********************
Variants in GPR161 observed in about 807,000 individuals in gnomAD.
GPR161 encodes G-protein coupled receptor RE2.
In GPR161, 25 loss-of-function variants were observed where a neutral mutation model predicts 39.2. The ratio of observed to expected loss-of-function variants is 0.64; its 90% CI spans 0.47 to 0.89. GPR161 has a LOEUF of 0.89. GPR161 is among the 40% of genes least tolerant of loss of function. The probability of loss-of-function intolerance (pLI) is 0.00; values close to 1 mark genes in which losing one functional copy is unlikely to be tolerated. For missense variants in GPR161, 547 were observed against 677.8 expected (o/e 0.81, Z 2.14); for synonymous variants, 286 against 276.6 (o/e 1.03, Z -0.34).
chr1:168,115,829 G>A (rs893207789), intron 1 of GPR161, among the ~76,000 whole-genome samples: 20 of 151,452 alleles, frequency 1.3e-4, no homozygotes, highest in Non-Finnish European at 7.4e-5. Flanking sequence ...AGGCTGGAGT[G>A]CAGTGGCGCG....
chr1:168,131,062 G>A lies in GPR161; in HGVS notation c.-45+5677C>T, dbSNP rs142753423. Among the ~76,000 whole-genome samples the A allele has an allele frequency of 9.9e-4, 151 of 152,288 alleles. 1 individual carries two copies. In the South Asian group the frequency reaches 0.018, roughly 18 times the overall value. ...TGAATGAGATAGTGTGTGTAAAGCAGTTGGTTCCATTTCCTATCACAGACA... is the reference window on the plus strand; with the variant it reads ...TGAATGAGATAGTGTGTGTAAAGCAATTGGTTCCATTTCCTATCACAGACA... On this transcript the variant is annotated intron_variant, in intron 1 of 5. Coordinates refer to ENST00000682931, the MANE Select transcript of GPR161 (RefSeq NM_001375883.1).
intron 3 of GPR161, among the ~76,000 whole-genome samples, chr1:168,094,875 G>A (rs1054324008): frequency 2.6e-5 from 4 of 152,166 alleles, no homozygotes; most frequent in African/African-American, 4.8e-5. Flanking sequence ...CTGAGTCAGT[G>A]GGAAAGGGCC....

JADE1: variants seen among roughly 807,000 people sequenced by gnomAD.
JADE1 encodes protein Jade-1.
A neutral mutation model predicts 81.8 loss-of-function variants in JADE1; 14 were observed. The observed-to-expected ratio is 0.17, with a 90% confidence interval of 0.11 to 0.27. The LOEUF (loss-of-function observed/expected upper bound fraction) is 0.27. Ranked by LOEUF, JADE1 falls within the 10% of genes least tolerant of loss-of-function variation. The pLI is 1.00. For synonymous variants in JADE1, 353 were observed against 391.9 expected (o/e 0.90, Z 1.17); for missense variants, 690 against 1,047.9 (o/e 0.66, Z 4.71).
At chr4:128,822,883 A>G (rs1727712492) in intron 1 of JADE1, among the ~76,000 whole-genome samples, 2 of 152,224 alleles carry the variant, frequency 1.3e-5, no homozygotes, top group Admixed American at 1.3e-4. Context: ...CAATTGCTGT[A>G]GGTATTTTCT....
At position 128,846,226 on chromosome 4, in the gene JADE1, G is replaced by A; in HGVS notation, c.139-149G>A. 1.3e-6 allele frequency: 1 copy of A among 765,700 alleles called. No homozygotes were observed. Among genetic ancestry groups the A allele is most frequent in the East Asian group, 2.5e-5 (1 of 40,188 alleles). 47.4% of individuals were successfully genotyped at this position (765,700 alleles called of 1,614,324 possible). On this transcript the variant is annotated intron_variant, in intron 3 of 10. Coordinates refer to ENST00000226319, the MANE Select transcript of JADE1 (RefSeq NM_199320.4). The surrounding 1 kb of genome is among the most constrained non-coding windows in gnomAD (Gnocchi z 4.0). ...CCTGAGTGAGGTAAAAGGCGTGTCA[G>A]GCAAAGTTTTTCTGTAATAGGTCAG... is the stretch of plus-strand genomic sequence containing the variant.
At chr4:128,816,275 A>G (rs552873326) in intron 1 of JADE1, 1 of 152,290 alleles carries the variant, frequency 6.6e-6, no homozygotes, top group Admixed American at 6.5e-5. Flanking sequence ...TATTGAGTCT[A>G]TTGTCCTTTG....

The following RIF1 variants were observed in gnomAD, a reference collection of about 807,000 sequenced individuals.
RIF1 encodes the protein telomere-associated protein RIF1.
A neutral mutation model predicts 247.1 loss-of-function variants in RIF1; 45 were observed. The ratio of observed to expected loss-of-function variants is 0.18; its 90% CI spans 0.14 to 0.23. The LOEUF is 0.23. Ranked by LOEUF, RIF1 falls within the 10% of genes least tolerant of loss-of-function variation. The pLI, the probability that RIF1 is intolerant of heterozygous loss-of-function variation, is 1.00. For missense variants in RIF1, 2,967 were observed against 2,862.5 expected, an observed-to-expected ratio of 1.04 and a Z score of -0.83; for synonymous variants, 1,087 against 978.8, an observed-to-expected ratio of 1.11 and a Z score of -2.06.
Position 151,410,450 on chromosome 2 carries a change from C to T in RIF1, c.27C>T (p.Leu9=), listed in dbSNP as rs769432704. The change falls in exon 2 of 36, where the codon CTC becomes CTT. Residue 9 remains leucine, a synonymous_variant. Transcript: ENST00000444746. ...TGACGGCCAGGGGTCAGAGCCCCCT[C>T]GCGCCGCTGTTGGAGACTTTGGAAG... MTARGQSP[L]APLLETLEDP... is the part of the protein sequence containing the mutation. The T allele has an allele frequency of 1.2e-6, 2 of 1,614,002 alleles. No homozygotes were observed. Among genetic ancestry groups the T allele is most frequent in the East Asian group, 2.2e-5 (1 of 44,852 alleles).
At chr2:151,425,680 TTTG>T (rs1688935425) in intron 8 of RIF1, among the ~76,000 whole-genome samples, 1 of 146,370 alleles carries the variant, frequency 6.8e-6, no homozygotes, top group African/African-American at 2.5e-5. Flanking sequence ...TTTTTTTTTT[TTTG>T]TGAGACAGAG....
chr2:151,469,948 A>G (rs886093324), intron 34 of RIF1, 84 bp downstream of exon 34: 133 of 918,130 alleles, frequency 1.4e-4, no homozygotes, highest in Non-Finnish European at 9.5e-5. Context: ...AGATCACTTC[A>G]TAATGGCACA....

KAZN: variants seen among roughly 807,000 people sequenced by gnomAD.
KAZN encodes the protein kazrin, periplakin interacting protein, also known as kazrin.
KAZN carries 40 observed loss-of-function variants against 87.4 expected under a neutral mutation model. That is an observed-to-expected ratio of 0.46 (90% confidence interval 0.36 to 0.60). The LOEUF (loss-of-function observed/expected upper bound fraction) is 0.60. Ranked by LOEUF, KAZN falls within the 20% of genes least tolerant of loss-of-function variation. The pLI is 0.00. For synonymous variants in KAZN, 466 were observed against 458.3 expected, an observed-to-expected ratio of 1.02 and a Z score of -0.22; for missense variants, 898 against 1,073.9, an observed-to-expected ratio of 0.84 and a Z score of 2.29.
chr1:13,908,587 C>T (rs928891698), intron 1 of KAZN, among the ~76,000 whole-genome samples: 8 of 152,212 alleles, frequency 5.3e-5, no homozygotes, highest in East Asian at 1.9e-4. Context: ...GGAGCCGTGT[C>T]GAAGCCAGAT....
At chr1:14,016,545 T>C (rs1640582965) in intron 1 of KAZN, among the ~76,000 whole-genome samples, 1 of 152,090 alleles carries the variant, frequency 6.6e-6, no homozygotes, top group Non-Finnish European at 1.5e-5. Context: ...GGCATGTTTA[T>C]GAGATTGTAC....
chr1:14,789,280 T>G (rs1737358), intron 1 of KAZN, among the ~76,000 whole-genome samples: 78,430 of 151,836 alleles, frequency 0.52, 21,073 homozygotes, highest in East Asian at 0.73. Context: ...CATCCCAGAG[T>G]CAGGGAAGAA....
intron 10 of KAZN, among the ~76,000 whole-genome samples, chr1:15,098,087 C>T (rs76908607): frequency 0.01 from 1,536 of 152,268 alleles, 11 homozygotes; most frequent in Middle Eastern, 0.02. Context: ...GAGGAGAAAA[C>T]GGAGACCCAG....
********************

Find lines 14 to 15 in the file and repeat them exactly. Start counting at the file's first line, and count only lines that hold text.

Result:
RIF1 encodes the protein telomere-associated protein RIF1.
A neutral mutation model predicts 247.1 loss-of-function variants in RIF1; 45 were observed. The ratio of observed to expected loss-of-function variants is 0.18; its 90% CI spans 0.14 to 0.23. The LOEUF is 0.23. Ranked by LOEUF, RIF1 falls within the 10% of genes least tolerant of loss-of-function variation. The pLI, the probability that RIF1 is intolerant of heterozygous loss-of-function variation, is 1.00. For missense variants in RIF1, 2,967 were observed against 2,862.5 expected, an observed-to-expected ratio of 1.04 and a Z score of -0.83; for synonymous variants, 1,087 against 978.8, an observed-to-expected ratio of 1.11 and a Z score of -2.06.